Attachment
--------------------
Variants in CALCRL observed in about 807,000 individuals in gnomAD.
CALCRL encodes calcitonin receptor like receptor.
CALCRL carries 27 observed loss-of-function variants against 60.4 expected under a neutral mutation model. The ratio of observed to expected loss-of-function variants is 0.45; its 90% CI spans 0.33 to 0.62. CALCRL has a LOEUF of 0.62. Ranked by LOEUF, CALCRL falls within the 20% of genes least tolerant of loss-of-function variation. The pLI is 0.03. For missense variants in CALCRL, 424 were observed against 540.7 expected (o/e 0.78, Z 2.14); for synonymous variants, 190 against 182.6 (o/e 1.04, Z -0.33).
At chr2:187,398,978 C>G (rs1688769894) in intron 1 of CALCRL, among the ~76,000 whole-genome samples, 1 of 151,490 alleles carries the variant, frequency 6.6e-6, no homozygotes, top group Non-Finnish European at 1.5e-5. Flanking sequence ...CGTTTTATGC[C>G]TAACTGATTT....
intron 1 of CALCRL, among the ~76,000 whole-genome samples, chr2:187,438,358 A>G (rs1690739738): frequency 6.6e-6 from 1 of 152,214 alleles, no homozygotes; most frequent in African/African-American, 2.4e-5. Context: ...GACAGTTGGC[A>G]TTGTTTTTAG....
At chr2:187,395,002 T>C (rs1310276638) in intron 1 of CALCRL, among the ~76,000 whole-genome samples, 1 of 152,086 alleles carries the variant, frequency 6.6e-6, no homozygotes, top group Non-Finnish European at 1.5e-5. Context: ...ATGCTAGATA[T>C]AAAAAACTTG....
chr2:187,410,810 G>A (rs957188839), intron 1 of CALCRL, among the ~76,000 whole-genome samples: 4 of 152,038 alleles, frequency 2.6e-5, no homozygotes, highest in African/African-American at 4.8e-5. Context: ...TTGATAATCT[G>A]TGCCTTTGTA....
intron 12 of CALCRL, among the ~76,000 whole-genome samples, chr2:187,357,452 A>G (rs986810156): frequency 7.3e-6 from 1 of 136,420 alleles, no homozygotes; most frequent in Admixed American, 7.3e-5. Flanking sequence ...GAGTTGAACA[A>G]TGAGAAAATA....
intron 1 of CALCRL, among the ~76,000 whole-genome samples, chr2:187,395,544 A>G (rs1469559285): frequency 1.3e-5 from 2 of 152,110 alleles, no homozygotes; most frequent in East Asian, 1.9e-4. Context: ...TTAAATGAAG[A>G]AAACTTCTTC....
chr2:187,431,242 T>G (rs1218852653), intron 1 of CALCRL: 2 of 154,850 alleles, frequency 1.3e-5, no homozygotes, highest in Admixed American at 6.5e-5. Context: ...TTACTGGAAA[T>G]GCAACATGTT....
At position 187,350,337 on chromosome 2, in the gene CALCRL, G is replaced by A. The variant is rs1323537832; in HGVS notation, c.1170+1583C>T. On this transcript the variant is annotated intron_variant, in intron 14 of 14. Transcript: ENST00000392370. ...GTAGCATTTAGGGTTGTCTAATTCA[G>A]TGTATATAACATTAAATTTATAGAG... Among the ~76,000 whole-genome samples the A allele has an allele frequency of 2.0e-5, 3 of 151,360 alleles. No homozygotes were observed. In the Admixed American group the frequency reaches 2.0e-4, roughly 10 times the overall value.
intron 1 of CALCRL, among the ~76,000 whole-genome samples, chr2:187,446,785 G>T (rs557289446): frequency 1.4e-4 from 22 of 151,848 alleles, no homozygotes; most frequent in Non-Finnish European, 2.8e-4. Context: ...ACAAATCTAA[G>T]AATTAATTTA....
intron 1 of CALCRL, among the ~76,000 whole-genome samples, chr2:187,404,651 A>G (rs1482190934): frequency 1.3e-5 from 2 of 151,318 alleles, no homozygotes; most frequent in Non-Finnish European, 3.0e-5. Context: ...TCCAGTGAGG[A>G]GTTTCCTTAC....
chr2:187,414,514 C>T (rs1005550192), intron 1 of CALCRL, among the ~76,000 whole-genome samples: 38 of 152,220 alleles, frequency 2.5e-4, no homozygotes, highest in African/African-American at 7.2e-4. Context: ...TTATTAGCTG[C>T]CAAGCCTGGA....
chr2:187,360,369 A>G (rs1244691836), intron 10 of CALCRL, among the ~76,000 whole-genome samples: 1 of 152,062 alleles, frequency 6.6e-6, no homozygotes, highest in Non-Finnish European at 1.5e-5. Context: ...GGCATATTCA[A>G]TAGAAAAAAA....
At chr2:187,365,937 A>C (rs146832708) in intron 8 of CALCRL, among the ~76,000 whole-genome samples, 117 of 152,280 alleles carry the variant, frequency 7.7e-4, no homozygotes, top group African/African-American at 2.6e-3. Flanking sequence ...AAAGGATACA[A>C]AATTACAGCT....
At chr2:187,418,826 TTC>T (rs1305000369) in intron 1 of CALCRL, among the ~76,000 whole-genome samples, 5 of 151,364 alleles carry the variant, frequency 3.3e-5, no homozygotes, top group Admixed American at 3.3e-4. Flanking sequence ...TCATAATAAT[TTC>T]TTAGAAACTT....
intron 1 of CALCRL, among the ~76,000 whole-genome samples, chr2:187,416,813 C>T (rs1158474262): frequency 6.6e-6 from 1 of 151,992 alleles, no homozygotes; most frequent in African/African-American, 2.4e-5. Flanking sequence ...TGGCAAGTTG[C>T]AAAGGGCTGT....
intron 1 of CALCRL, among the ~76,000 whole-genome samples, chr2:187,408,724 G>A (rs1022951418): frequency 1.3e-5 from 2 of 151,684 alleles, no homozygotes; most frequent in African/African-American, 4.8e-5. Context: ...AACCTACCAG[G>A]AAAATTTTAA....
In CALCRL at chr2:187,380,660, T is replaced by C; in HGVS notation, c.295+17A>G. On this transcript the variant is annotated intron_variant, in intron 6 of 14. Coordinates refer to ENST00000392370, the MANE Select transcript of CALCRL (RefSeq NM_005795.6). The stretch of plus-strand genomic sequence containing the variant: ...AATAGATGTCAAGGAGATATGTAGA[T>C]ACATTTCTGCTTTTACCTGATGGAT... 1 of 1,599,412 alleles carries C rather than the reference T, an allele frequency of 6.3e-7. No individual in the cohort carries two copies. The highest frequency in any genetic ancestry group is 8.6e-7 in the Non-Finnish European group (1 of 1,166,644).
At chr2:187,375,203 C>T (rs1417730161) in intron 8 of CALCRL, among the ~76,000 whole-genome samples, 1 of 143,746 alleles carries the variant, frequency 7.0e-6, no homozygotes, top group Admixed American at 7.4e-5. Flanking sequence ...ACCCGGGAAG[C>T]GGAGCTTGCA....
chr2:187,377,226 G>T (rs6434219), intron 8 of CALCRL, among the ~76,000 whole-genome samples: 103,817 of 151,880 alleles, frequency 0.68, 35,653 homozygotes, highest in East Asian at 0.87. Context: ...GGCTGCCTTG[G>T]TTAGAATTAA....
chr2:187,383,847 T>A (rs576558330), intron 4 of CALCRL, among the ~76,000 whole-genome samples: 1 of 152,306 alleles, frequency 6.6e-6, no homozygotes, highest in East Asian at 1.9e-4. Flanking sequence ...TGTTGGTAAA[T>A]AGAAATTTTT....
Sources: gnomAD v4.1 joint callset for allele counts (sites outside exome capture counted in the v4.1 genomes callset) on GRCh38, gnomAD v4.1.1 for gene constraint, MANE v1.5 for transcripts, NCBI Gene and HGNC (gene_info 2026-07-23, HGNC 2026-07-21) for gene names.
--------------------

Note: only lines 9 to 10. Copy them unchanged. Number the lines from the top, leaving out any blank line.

intron 1 of CALCRL, among the ~76,000 whole-genome samples, chr2:187,395,544 A>G (rs1469559285): frequency 1.3e-5 from 2 of 152,110 alleles, no homozygotes; most frequent in East Asian, 1.9e-4. Context: ...TTAAATGAAG[A>G]AAACTTCTTC....
chr2:187,431,242 T>G (rs1218852653), intron 1 of CALCRL: 2 of 154,850 alleles, frequency 1.3e-5, no homozygotes, highest in Admixed American at 6.5e-5. Context: ...TTACTGGAAA[T>G]GCAACATGTT....